Can a DJ that streams to their CDJ be considered a genuine fan of music?
I hope I didn’t touch a nerve.
It’s always important to consider the impact of your actions (that got pretty deep, eh?) and how all the concerned parties will be affected. Streaming to your CDJ will never support the scene as robustly as buying music digitally or from your local record shop. Even labels and artists exploring the starchy sounds of Business Techno will feel the sting of a mass uptake of DJs preferring to stream over owning a song or record outright.
It’s important to be conscious in your consumption if you want to contribute to independent scenes and subcultures. How are up-and-coming producers going to develop their sound if they aren’t supported financially? I’m probably in danger of sounding prescriptive here, but you should buy music if you want to endorse it, especially if you’re planning on using it in your performances. Our investment allows self-reliant imprints and maestros to invest, both time and money, into their art. This is the sort of thing that progresses music far more effectively than an algorithm.
Does context not determine the acceptability of doing so?
It’s no secret that collecting records is like taking a lighter to your wallet. Turntables aren’t cheap, and forking out for the latest releases adds up. This economic barrier makes it difficult for everyone to use wax as their primary source of listening, let alone cop records in the first place.
But this is exactly where context comes into play. If you’re a bedroom DJ or playing at a mates house party, there’s no economic return for you to benefit from other than maybe a couple cans of lukewarm red stripe. However, if you’re a promoter playing at your night, or a selector with a booking fee, it would be ironic if you streamed your selection. In these contexts, no one is entitled to curating their set from ‘free’ music – it’s using someone else’s hard work to benefit yourself.
What does this say about the state of modern DJing?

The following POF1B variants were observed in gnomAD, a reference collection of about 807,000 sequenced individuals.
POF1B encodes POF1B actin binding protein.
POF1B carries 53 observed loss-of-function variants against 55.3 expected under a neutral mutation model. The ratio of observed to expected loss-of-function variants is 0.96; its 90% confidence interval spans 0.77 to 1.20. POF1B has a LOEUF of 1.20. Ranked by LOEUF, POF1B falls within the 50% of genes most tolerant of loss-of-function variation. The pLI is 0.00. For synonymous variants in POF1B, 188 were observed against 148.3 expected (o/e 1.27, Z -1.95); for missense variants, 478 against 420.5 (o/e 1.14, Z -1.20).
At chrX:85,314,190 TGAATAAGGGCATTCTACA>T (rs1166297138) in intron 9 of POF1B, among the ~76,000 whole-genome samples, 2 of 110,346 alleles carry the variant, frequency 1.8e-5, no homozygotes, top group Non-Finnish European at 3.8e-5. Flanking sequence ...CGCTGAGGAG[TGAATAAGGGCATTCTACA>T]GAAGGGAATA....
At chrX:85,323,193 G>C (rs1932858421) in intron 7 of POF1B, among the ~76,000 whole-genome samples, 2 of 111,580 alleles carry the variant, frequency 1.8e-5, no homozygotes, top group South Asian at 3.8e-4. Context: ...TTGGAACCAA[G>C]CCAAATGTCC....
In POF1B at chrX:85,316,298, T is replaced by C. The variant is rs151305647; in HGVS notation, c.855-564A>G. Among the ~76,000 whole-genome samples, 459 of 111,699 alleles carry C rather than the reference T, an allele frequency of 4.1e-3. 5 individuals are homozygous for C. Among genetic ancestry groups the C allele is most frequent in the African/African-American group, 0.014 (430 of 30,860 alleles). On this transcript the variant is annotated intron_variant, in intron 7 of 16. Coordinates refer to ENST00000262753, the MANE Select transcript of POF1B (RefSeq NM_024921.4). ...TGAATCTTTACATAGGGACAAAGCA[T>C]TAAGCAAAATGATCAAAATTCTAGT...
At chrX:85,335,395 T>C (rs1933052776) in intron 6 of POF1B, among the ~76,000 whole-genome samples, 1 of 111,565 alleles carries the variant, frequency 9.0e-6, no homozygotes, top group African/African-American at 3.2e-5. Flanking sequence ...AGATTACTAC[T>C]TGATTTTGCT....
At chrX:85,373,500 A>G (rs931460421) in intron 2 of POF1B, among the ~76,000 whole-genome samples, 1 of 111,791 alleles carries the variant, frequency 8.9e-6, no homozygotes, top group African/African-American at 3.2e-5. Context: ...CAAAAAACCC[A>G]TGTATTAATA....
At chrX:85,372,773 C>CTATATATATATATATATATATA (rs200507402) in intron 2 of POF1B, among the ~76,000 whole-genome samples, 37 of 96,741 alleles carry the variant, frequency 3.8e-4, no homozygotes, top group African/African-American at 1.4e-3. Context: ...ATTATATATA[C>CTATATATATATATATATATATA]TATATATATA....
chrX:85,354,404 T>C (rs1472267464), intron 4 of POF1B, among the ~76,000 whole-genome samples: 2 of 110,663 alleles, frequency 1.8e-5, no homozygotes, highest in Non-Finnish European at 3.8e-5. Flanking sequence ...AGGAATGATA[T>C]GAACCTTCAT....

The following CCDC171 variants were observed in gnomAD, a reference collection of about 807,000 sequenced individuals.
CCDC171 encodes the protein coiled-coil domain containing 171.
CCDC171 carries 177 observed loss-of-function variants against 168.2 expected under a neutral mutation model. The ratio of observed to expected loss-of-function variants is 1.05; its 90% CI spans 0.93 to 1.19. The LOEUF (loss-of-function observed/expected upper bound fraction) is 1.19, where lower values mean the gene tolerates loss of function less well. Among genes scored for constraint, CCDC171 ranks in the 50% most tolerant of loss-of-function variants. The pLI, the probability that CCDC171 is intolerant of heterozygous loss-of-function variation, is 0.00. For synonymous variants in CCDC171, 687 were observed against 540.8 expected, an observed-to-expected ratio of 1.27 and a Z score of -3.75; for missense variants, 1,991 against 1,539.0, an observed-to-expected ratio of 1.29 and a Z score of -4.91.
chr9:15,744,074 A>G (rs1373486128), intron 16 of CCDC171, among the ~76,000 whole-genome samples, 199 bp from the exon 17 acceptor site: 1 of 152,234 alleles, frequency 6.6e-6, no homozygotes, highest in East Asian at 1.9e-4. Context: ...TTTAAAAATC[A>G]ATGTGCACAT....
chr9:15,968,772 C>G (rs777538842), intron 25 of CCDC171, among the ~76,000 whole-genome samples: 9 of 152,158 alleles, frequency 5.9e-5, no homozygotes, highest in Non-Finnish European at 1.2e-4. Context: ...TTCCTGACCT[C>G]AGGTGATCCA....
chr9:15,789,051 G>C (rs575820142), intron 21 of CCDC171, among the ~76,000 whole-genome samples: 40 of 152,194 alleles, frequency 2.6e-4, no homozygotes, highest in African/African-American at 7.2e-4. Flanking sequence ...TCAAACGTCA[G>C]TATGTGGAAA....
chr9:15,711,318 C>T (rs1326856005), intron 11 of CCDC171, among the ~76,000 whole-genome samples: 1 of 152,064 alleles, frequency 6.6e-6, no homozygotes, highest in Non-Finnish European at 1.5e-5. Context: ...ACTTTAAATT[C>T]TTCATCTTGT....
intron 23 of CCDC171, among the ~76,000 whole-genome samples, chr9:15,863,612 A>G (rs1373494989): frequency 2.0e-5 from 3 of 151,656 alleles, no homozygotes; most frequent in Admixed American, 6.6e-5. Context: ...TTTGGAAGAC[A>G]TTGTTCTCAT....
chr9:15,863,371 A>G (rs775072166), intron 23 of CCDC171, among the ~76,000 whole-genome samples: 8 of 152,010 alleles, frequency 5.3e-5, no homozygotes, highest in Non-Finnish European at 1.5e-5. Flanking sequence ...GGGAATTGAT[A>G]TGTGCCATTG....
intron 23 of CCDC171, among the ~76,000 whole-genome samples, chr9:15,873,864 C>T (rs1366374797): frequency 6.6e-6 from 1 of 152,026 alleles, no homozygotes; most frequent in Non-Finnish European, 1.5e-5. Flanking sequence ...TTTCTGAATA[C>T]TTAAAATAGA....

One interpretation is that more and more people want to get involved with dance music. Nobody would waste their time designing these apps and creating these technologies if there wasn’t any demand. Being able to DJ is becoming more accessible, growing the collective community. Some people probably don’t want this to happen, those truly underground vinyl-only snobs, but I can’t really see anything negative about more people being inspired and wanting to get stuck in.
On the other hand, DJing shouldn’t be easy. The whole process is exhaustive and takes a lifetime to perfect. From knowing where to dig, which shops stock those hidden gems, how to beatmatch, when the track breaks down, how to take ravers on a journey. These aren’t skills that just happen overnight. The fact that an app promises to transform you into the next big thing shows that it isn’t the real deal.
Being able to copy a DJ’s identity to promote your own has to be the worst outcome of these streaming technologies. Nobody has the same taste in music, or the same ideas when it comes to selecting tracks, and it should remain that way. Just because you can copy Ben UFO’s latest playlist and disguise it as your own doesn’t mean your a good DJ. Be creative, trust your instincts, play what you want to hear. Going out and hearing someone play for the first time, or having a wiggle to your favourite selector -, the great thing about being on the floor in either situation is that you get taken on a unique and individual journey. The best performances leave an imprint because they take on their own personality, exploring the sonic spectrum in distinct ways.